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From a philosophical point of view, materialism represents some of the most negative aspects of our human nature, such as greed, selfishness, and inhumanity. It would be unjustified to put the label of “materialism” on any single ethnic group. However, being Chinese, I find it hard to ignore the excessive materialism in modern China, where money seems to be the sole “religion” in many people’s lives.
There are many reasons for this phenomenon – poverty, the social system, and even communism itself, but I have found all of these reasons to be superficial. I believe many Chinese people’s “passion” for money has little or nothing to do with the reasons listed above. Instead, it has EVERYTHING to do with Chinese cultural ideology.
In China, there are two influential classical philosophies – Confucianism and Taoism – that dominate Chinese cultural ideology, and have for thousands of years of Chinese history. Both of these philosophies focus primarily on the practical aspects of human existence, or the “mundane.” Briefly speaking, Confucianism is about social stability while Taoism is about individual happiness. Even though Buddhism came to China during the early part of the first millennium and has undoubtedly had a great influence on Chinese culture, like Taoism, it is still a belief system focused mainly upon individual happiness. Soon after Buddhism spread throughout China, it quickly merged with Chinese culture and branched off into several sects and schools, the most common being Zen Buddhism, a school of Mahayana, with a following of between 500 and 1,000 million people throughout Korea, China, Japan and Vietnam.
Before the 19th century, China was almost completely closed off from the outside world. When China first opened its doors to the west in the middle of 19th century, these two philosophies were the whole content of the body of knowledge understood by Chinese intellects. It is a common belief in China that Knowledge isn’t something that can or should stand alone, but rather it is a subsidiary part of political or practical life. In ancient China, the only purpose for gaining knowledge was to gain political and social power. In his book “Mist of Metaphysics” Liu Xiaobo stated:
“One of the characteristics of Chinese culture is to provoke the human desire for power as much as possible. The path to becoming an intellectual is almost the only way to reach this goal.”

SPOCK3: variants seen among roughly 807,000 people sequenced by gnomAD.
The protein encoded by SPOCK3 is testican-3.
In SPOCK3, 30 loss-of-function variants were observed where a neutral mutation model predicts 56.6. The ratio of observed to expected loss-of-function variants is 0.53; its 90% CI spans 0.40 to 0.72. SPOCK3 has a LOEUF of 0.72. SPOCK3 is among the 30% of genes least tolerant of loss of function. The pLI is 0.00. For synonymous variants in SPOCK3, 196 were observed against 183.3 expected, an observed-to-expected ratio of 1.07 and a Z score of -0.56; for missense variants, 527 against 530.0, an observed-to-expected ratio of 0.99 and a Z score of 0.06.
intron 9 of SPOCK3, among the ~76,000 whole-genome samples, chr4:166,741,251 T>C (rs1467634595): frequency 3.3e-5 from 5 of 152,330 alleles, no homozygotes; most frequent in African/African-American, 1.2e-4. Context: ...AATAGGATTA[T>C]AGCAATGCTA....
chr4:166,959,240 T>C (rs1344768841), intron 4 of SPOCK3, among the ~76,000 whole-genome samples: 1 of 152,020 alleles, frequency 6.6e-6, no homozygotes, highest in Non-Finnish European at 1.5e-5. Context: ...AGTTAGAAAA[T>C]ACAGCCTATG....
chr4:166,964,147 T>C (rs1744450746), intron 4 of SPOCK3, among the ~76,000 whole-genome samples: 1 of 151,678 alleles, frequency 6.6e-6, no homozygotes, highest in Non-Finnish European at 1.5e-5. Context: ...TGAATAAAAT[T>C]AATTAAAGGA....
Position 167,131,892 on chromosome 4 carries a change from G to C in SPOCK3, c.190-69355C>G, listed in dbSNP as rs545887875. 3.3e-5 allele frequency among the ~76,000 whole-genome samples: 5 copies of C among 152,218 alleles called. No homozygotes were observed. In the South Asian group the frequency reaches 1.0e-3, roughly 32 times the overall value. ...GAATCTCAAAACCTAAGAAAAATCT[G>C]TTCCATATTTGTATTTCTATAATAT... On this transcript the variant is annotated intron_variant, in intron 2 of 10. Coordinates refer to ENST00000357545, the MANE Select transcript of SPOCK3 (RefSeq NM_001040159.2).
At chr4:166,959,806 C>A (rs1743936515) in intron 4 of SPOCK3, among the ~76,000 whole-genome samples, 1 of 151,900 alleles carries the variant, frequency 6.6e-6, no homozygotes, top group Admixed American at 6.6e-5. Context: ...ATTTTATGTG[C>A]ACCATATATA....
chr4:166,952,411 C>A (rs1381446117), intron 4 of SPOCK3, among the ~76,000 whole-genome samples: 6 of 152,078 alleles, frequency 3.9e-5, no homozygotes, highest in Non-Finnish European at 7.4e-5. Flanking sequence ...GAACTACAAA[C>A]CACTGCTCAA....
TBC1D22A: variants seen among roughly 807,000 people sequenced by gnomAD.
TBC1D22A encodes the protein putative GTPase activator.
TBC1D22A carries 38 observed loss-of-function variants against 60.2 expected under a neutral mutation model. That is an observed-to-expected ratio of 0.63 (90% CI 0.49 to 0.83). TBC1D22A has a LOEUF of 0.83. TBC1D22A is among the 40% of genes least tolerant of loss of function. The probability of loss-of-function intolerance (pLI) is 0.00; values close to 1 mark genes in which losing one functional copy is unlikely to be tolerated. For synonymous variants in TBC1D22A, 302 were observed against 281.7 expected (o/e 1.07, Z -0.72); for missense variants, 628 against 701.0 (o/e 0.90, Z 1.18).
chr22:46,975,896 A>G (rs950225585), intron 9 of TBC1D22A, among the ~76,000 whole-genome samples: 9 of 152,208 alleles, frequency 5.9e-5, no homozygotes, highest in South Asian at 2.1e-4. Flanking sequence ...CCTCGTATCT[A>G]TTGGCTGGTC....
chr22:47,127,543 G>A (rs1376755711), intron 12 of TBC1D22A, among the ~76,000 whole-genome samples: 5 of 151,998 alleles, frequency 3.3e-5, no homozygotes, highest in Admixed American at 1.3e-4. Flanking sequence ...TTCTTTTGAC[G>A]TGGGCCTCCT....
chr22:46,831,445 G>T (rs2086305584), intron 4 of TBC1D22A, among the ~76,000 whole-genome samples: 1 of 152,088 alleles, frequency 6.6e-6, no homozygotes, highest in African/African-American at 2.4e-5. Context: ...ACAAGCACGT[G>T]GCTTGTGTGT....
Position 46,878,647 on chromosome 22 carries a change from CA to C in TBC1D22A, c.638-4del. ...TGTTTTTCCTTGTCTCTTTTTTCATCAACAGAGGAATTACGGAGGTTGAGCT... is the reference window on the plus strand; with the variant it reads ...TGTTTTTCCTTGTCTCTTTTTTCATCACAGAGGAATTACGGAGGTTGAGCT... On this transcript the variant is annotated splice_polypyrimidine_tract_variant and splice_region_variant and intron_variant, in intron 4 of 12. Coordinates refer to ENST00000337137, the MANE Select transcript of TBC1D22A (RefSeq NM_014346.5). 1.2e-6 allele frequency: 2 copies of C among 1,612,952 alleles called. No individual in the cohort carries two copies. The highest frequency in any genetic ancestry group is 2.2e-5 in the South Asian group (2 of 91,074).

In Chinese culture, there is no concept of “God” in a monotheistic sense, no sense of “divinity,” and no concept of absolute “truth,” neither was there any scientific spirit that existed in ancient China. In other words, there were no existing bodies of knowledge other than those with the purpose of serving mundane life. I believe it was exactly this monotonic understanding of knowledge that has shaped many Chinese people’s materialistic attitudes toward life.
Certainly both Taoism and Confucianism did not teach people to be greedy, but one important idea that both of these philosophies teach is that there is no need to question or look for anything other than matters directly related to the practicalities of life.
Taoism is a very charming philosophy and can be understood in a very positive way, for example, the ideas of following our natural spirit and making harmony in our lives with or without material comforts are very appealing to many people, and I believe this truly was the original intent of Taoist philosophy. Unfortunately, this aspect of Taoism has only been taken and practiced among some intellectuals, such as artists and poets. Among most others, Taoism was simply understood as a pathway to physical comforts and happiness.
Under such a cultural background, when China once again opened its doors to the world during the 80’s, it was more than willing to embrace capitalism, and people’s materialistic desires that had been suppressed by traditional morality for thousands of years were finally unleashed under this perfect marriage. This is why even though China is completely under communist rule; it was still able to combine the communist political system with a capitalist economic system.
Some people may blame Communism for this materialism. I would totally disagree. Not only does Communism not encourage materialism, it encourages a kind of “puritanical” lifestyle in modern China. During the 50’s, China experienced a very anti-materialism social movement where almost everyone lived in very poor material conditions, but with a zealous mental enthusiasm similar to Europe during the middle ages. Needless to say, this did more harm than good. It created one of most devastating horrors in human history, now known as The Great Leap Forward, which cost tremendous loss of life. After that, Chinese people lived in very poor conditions until the 1980’s when China once again opened up to the outside world.
I truly believe that while materialism exists in every society in this world and greed is truly a common disposition of human nature, some types of cultural ideologies encourage such philosophies and dispositions, while others discourage them. I personally view the overwhelming growth of materialism in modern China as a consequence of the poor development on Chinese intellectual property.
Once again, to quote Liu Xiaobo:
“…The worst regression in Chinese history was the revival of feudalist ideology”